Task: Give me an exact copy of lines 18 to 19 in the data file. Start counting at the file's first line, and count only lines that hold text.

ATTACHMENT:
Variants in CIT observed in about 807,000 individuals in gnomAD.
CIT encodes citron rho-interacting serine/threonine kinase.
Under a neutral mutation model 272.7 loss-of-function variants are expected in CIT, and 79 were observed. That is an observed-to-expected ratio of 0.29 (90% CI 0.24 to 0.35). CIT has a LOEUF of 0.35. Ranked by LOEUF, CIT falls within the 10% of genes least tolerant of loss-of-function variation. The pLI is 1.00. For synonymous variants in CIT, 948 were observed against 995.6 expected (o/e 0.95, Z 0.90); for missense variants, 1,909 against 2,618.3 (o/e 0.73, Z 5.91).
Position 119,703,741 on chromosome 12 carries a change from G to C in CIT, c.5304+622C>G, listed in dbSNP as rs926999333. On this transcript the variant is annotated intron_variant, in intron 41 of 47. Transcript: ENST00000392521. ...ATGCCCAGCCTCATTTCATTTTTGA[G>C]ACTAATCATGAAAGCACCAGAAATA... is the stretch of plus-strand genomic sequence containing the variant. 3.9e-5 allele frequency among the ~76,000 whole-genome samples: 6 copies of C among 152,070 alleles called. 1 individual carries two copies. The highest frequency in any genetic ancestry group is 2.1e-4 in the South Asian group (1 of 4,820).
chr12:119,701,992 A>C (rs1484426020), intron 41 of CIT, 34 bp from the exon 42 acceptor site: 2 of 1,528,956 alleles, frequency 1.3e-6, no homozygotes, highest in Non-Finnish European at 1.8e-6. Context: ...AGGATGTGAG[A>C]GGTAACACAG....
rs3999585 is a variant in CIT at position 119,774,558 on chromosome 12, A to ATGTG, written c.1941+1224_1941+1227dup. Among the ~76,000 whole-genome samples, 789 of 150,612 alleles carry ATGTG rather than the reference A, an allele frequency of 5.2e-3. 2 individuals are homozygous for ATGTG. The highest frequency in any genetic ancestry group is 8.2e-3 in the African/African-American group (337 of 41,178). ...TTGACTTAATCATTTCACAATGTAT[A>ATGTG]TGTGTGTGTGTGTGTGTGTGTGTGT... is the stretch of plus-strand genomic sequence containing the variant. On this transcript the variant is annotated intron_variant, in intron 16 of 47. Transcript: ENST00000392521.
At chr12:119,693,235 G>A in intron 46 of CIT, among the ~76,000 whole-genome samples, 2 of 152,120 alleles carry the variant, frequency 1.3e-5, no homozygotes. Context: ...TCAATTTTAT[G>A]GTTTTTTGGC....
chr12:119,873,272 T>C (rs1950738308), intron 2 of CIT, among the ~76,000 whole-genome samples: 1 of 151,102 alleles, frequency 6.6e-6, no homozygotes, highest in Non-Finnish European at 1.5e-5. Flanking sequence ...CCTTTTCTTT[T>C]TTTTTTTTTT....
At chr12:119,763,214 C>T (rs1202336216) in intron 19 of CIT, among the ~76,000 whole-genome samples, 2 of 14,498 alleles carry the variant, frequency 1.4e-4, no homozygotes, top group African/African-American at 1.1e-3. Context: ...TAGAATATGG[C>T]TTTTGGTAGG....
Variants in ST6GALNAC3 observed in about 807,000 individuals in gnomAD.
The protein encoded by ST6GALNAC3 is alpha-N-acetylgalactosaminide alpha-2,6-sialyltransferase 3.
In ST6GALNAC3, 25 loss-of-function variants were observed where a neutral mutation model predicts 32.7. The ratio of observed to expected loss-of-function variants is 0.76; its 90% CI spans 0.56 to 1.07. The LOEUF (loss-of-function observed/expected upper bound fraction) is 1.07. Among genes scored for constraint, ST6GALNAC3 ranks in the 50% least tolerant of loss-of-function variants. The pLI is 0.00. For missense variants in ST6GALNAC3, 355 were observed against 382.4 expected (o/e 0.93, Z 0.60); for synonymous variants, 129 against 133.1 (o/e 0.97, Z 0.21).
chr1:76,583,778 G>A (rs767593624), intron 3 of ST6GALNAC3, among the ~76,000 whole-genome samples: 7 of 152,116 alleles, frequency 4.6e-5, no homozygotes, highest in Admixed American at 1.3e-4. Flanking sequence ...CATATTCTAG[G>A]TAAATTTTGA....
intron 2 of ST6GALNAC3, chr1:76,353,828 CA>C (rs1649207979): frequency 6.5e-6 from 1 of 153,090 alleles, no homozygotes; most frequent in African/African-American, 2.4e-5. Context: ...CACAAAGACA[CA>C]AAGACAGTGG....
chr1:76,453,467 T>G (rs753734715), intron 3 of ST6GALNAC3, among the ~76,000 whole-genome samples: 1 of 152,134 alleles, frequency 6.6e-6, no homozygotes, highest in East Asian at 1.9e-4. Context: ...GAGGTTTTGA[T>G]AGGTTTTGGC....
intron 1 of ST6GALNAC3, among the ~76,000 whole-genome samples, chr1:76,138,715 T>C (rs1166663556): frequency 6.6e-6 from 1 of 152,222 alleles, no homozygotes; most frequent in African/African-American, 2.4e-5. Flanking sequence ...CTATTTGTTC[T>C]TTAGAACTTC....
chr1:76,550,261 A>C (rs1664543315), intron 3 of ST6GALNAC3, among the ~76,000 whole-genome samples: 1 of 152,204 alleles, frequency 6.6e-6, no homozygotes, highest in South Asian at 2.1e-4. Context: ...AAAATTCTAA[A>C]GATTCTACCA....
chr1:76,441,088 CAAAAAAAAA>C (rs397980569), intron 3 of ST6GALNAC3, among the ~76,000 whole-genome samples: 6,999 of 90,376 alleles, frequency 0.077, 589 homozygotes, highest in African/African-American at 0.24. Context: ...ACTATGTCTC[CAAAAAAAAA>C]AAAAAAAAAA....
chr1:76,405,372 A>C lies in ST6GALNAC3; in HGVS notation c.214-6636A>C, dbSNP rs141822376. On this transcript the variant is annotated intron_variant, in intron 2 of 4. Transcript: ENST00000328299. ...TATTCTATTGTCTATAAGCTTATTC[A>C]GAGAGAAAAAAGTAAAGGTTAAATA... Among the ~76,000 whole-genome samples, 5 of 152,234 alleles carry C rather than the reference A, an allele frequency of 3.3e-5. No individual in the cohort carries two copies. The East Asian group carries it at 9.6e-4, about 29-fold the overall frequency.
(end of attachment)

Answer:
chr1:76,441,088 CAAAAAAAAA>C (rs397980569), intron 3 of ST6GALNAC3, among the ~76,000 whole-genome samples: 6,999 of 90,376 alleles, frequency 0.077, 589 homozygotes, highest in African/African-American at 0.24. Context: ...ACTATGTCTC[CAAAAAAAAA>C]AAAAAAAAAA....
chr1:76,405,372 A>C lies in ST6GALNAC3; in HGVS notation c.214-6636A>C, dbSNP rs141822376. On this transcript the variant is annotated intron_variant, in intron 2 of 4. Transcript: ENST00000328299. ...TATTCTATTGTCTATAAGCTTATTC[A>C]GAGAGAAAAAAGTAAAGGTTAAATA... Among the ~76,000 whole-genome samples, 5 of 152,234 alleles carry C rather than the reference A, an allele frequency of 3.3e-5. No individual in the cohort carries two copies. The East Asian group carries it at 9.6e-4, about 29-fold the overall frequency.